(Portland, Ore.)—For many Americans, the name Vietnam conjures up war—not a country, people or culture. Even for college students today, what they learn about Vietnam is largely left to textbooks and movies that highlight Vietnam as an “era” of American divisiveness.
Lewis & Clark is awakening a generation to a different Vietnam with its newest study abroad program. The college kicked off its inaugural program in Vietnam when 12 students headed to Ho Chi Minh City on January 13.
“Vietnam is a culturally rich and dynamic country with a rapidly growing economy,” said Joann Geddes, director of Academic English Studies and one of the program coordinators for this trip. “The Vietnam of today and tomorrow is one that our students will engage with in a way that is much different from what their parents and grandparents experienced.”
Tom Anderson, a junior majoring in history, knows this well. His father was drafted into service in 1968. After completing a tour in Vietnam as an infantryman, he came back to his home state of Minnesota to work with fellow veterans including U.S. Senator John Kerry to oppose U.S. involvement. Today, Tom’s father heads a nongovernmental organization in Laos, working on behalf of the Hmong population.
“I’ve seen the issue of Vietnam from many sides, given my father’s experience,” Tom said. “I grew up with my father’s anecdotes about the war, and I’ve seen the work he’s done in southeast Asia. This is now a part of the world that I want to explore for myself. I think we tend to see countries as homogenous, and I’m looking forward to pushing my comfort level and exploring the drastic differences between north and south Vietnam.”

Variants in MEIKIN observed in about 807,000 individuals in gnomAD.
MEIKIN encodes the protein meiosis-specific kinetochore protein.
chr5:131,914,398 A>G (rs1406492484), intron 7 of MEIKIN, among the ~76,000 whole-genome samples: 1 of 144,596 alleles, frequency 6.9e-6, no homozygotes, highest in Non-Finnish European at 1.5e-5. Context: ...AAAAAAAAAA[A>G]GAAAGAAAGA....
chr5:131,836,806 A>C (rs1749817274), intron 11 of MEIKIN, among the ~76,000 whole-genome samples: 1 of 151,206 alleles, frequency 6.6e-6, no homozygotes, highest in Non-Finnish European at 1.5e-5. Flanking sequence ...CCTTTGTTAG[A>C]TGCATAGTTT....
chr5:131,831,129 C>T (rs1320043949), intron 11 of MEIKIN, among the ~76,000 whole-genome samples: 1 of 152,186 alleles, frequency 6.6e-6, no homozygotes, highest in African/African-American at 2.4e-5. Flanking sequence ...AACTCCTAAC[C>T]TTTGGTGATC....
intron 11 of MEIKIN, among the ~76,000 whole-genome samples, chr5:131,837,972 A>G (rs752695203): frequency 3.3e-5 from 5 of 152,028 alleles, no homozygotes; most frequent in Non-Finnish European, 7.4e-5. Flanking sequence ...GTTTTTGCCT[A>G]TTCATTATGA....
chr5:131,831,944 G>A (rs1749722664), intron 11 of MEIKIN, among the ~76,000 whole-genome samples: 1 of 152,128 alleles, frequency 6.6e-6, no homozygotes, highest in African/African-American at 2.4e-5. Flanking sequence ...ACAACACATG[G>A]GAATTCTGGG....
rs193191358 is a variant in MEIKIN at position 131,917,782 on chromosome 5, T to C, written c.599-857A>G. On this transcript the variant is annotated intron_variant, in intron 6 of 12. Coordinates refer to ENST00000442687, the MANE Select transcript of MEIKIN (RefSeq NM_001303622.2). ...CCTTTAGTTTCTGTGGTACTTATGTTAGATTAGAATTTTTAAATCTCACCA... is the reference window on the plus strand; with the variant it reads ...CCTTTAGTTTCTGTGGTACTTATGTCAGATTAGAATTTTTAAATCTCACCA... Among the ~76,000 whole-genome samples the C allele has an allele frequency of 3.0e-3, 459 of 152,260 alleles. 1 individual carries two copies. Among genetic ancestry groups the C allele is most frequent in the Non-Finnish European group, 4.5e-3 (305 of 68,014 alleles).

Students will spend approximately seven weeks in Ho Chi Minh City, focusing on Vietnamese society through academic course work, language study and cultural immersion. They will travel to the ancient capital of Vietnam, Hue, and other locations in Central Vietnam for 10 days and spend one month in North Vietnam, learning about the politics, history and culture of the country. The students will return to Ho Chi Minh City to wrap up the semester.
Students will learn about Vietnam from people who live and work there, including scholars from academic institutions such as the Saigon Vietnamese Language School and Hong Bang University, as well as public officials. Geddes and Kelly Wainright, co-coordinator for the program, point out that the Vietnam War scars for each country are different. While the Vietnam War left an indelible mark on the United States, it represents a fraction of the expansive, complex history of Vietnam.
“Our Vietnamese partners in this project are eager to share their historical perspective with our students,” said Geddes. “Vietnam has been fighting for their independence for thousands of years, and U.S. involvement there was such a small, although significant, part of their history. It has entered the 21st century as one of the most politically and economically dynamic countries in Asia.”
Despite the rare opportunity of participating in a study abroad program in Vietnam, few colleges and universities are able to find enough interested students to develop a program. That was not the case for Lewis & Clark.
“Vietnam is still vastly underrepresented nationally among study abroad programs,” said Larry Meyers, director of Overseas and Off-Campus Programs. “In fact, our program partners in Asia had only about 30 U.S. students participate last year. Lewis & Clark, alone, is sending 12 students this semester, which speaks volumes. Our students want a rigorous academic experience and are so eager to learn in the most exceptional, diverse places.”
Isobel Crittenden, a junior participating in the program, agreed. “I want to push myself out of my comfort zone. To my parents, Vietnam is a war, not a country, and this history is my generation’s legacy. It’s not only good to look at the world from other vantage points, it’s our responsibility.”